with Yvard, only that I had found the packet where he dropped it.
"You lucky dog; it's well he did not see you, or you might not now be talking to me with a whole skin."
It was better though to let him know of Yvard's wound, for that would perhaps assist us in a measure to determine upon our future course. So that part of the affair I detailed in full.
"Verily, lad, your savage accomplishment stood you in good stead."
He recognized the description I gave of the fellow with Yvard, but said he was a bully, hired merely to fight, and perhaps knew nothing of consequence. Then we examined very closely the envelope containing the papers. It had, from all appearance, come over from the colonies, and bore traces of having long been carried about a man's person. This settled one matter. The go-betweens had met, and the traitor on le Dauphin was most likely in possession of the instructions from Spain. This made his capture the more important.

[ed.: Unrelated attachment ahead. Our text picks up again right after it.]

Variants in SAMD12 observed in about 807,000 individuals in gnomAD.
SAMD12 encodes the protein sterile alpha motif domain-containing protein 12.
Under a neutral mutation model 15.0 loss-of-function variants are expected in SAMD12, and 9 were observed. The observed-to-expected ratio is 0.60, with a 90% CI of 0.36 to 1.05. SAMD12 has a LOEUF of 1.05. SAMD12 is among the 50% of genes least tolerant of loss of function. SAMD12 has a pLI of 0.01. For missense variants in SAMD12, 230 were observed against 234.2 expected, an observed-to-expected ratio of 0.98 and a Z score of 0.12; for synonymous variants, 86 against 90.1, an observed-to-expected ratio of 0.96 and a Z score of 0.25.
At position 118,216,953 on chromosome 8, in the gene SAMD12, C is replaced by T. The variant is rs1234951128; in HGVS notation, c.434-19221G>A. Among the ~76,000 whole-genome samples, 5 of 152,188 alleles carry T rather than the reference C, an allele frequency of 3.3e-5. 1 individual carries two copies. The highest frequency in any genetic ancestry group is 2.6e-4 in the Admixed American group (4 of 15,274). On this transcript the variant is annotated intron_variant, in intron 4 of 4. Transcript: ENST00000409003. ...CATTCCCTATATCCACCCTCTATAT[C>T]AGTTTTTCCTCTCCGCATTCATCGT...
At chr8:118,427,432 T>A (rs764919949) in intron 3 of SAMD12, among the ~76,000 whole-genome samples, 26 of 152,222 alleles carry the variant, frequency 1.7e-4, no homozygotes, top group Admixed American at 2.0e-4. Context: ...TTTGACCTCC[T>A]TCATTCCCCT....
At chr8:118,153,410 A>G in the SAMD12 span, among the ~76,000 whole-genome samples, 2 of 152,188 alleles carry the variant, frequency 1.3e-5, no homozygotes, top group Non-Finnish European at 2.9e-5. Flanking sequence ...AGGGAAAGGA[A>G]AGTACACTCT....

De Greville well merited all Serigny had said of his shrewdness, and more. Now see what a simple scheme he laid.
We were first to find where Yvard was hidden. He would certainly go into hiding until his wound was healed; the finding of the papers upon him making it necessary he should not be seen in Paris.
Where would he be likely to secrete himself? Ah, trust a woman for that; so reasoned Jerome. What woman? L'Astrea, of course. Of her intrigue with